I believed her, but I know me. I could easily say something with genuine interest and still find a way to put my foot in my mouth. I want to be cautious and respectful. And then there’s the fear of “What if I ask and really the child just looks different and actually doesn’t have a disability. What if…what if…what if…”
My recent attempt: Recently, when I met a family for the first time whose child had a fairly apparent disability, I tried a new phrase that I had been thinking about for a while. I met the mother, smiled a the boy, and chatted for a brief moment. Then, I touched the boy’s shoulder and said “I’d love to hear Dylan’s story.”
This opened the door for the mother to tell me as much or as little as she wanted. I was able to hear about her son’s diagnosis, and a little about their daily life. I felt connected and completely comfortable. (Side note: I also realized that if I used that phrase on a child who actually does not have a disability, I’d still be quite safe. His story might be “He is four and he likes trucks.” or “He is twelve and he is homeschooled.” 🙂 It just works.) My friends all agreed that “I’d love to hear your story” works.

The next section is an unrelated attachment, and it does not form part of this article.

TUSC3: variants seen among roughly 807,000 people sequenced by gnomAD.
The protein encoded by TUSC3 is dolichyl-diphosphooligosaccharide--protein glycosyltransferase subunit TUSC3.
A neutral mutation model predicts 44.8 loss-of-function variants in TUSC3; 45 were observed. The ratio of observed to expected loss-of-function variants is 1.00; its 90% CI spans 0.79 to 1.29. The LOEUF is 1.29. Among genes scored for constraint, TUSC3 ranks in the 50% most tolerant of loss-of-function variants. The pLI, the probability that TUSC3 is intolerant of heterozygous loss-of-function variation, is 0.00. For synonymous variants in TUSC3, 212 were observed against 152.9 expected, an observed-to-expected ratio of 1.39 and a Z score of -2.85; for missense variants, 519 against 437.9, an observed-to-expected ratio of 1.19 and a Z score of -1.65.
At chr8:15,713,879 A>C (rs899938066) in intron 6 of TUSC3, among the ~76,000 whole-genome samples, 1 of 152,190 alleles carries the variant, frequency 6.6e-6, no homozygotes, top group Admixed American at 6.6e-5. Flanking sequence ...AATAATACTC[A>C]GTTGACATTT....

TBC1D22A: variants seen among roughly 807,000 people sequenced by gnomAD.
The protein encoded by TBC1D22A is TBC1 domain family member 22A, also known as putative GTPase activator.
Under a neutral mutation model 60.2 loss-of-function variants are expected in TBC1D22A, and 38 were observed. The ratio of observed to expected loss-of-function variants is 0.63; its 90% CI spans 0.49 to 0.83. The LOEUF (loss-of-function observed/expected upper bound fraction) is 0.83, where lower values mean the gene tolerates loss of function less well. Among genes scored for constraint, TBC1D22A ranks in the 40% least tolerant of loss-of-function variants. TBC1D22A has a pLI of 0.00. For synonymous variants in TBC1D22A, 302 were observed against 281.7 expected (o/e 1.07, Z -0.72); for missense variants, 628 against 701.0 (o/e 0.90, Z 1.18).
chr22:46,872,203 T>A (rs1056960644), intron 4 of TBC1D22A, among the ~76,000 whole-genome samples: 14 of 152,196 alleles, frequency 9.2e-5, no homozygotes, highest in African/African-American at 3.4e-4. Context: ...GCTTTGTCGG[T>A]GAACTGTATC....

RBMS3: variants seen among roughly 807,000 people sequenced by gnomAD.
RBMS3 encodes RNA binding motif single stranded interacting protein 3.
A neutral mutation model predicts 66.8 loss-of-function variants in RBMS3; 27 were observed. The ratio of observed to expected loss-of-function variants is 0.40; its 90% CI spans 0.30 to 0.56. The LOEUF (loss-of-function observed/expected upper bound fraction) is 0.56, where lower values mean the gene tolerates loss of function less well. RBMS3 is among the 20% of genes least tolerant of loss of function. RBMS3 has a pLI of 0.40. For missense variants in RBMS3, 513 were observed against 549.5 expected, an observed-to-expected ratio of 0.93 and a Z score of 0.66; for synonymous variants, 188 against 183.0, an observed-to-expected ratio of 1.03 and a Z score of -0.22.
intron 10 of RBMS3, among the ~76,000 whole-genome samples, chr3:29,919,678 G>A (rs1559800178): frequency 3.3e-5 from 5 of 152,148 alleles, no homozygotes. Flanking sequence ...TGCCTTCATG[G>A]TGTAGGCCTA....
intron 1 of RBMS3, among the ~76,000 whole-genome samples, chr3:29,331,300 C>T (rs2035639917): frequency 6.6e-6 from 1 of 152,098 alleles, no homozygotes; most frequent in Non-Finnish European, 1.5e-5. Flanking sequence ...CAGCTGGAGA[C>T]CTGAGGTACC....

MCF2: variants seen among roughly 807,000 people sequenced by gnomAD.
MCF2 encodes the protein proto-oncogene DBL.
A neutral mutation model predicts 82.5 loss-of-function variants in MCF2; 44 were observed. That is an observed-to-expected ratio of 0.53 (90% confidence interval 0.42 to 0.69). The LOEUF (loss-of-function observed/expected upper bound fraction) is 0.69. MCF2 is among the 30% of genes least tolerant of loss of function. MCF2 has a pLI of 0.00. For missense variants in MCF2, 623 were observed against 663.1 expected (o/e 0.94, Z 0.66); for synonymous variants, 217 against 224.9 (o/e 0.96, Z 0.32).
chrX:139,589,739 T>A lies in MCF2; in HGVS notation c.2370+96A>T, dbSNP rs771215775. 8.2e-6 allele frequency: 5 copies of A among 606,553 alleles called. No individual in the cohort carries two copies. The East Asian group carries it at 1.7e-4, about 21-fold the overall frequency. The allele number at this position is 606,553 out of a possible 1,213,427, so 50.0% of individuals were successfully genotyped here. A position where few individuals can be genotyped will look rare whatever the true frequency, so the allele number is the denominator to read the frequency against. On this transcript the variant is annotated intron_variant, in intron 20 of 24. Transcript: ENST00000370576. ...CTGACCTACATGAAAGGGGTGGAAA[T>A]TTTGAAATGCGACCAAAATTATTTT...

Obviously anyone’s disability is not their whole story. There is much more to every human than what meets the eye. But for someone living with a serious disability, it is very much a part of their story. And learning about it opens doors and creates deeper connections.
“Typical,” not “Normal”: One of the moms I talked to added another suggestion about asking questions about a child with special needs, and specifically, about teaching your kids how to address and ask questions. She suggested using the word “typical,” not “normal.” It is a slight difference, but it really changes the tone of the comment. She teaches her kids to ask “Is the way Joey does this typical for a boy his age?” Because after all, there are more or less typical ways to do things, but “normal?” There really is no such thing! 🙂